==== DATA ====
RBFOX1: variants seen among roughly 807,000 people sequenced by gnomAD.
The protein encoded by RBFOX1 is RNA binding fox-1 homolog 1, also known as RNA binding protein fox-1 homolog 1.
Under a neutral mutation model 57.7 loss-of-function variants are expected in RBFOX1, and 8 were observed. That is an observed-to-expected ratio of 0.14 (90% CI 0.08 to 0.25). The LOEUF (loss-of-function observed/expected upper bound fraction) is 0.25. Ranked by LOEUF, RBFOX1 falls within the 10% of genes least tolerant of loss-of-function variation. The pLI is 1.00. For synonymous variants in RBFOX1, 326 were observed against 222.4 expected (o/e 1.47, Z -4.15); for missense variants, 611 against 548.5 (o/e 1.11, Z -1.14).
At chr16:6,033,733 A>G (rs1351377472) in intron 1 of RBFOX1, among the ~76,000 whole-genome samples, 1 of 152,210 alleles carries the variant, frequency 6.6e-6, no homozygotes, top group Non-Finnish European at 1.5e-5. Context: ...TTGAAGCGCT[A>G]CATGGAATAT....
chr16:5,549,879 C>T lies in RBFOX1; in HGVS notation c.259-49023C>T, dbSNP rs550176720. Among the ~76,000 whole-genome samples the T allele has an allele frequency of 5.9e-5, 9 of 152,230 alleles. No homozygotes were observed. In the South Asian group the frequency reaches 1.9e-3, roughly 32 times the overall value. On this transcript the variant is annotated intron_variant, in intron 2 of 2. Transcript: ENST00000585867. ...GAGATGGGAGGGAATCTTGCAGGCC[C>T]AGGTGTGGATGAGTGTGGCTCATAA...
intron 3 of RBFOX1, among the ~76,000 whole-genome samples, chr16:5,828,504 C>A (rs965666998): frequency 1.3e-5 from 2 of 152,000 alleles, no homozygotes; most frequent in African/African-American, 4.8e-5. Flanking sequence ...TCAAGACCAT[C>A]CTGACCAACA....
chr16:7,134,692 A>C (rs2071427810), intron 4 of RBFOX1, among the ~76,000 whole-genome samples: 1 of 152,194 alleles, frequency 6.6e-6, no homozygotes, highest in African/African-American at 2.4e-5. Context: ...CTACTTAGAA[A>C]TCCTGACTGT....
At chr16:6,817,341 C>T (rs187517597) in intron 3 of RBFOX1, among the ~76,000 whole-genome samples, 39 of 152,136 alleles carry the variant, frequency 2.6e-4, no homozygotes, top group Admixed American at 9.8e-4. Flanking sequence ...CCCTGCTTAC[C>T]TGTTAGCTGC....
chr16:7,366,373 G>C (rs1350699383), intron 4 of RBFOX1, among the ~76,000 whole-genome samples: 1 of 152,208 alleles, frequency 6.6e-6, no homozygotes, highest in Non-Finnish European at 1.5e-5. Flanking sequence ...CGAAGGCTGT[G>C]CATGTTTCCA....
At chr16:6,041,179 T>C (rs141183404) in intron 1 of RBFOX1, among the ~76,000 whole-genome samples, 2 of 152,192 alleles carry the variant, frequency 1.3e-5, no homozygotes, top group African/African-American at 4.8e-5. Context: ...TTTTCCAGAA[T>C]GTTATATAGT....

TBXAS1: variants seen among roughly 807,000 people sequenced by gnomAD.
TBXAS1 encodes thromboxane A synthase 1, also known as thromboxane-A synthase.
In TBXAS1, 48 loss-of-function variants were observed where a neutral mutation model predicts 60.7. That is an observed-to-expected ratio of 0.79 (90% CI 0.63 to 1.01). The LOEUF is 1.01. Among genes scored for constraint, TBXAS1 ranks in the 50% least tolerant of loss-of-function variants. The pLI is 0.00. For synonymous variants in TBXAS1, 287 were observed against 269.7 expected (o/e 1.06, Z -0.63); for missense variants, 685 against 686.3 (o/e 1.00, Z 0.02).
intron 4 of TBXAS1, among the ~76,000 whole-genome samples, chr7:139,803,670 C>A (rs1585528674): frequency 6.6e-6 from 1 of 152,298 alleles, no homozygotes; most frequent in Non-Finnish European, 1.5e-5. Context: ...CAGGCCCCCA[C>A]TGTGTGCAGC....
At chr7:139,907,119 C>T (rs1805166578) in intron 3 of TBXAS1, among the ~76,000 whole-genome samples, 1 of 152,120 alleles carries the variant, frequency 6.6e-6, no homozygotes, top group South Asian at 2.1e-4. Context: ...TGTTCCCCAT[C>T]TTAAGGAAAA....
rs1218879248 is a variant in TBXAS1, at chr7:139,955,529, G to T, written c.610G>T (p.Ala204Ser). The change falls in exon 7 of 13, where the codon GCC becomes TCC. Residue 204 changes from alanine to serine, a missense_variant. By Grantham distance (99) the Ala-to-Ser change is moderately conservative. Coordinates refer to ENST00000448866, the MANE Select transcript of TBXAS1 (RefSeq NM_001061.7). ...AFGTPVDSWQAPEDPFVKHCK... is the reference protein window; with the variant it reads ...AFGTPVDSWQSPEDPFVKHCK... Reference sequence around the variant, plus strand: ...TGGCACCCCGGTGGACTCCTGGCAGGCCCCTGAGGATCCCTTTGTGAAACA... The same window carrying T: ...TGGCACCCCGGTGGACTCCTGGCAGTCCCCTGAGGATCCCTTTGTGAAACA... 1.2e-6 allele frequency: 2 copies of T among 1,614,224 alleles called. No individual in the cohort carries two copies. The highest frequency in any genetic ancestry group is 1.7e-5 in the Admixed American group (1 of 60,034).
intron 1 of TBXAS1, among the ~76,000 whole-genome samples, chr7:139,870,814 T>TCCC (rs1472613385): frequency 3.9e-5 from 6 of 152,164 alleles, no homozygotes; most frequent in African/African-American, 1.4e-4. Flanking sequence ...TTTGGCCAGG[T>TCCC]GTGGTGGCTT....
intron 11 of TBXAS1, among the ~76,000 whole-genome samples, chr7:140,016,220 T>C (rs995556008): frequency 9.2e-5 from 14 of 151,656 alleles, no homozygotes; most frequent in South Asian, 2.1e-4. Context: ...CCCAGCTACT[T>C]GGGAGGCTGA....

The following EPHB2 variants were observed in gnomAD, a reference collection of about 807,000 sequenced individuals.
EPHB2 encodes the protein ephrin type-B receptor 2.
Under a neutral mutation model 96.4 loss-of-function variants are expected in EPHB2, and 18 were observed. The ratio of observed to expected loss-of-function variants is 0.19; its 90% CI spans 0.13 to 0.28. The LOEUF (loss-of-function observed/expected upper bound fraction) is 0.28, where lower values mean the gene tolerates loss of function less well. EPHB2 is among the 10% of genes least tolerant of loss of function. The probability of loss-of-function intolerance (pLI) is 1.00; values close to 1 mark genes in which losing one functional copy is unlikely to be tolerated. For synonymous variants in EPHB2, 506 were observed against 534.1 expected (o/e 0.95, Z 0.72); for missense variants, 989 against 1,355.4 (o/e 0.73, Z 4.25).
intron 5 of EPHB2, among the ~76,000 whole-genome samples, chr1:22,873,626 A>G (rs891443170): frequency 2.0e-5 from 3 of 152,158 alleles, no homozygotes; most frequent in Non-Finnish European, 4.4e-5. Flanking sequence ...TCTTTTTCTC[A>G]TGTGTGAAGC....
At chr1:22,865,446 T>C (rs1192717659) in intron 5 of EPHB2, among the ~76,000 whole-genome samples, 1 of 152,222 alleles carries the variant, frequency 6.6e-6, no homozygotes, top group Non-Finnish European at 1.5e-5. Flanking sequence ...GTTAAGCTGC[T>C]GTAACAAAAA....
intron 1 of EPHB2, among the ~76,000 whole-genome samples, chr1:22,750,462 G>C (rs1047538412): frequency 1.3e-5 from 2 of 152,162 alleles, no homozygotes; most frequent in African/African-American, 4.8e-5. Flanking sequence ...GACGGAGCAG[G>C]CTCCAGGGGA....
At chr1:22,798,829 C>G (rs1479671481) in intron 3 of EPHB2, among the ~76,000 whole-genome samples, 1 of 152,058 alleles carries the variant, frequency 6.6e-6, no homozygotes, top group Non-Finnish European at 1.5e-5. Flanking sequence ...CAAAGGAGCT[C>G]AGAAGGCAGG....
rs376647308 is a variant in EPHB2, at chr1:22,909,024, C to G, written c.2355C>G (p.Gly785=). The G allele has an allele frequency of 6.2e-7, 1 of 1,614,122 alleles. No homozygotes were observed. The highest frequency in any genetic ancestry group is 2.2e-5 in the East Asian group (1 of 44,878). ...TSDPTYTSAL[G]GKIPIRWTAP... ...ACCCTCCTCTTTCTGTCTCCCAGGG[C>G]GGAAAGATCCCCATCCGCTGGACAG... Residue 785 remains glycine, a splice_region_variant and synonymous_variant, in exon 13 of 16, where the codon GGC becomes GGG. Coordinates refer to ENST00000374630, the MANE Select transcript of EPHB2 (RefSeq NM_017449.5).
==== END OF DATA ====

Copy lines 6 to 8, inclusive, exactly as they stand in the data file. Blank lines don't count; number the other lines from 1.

intron 3 of RBFOX1, among the ~76,000 whole-genome samples, chr16:5,828,504 C>A (rs965666998): frequency 1.3e-5 from 2 of 152,000 alleles, no homozygotes; most frequent in African/African-American, 4.8e-5. Flanking sequence ...TCAAGACCAT[C>A]CTGACCAACA....
chr16:7,134,692 A>C (rs2071427810), intron 4 of RBFOX1, among the ~76,000 whole-genome samples: 1 of 152,194 alleles, frequency 6.6e-6, no homozygotes, highest in African/African-American at 2.4e-5. Context: ...CTACTTAGAA[A>C]TCCTGACTGT....
At chr16:6,817,341 C>T (rs187517597) in intron 3 of RBFOX1, among the ~76,000 whole-genome samples, 39 of 152,136 alleles carry the variant, frequency 2.6e-4, no homozygotes, top group Admixed American at 9.8e-4. Flanking sequence ...CCCTGCTTAC[C>T]TGTTAGCTGC....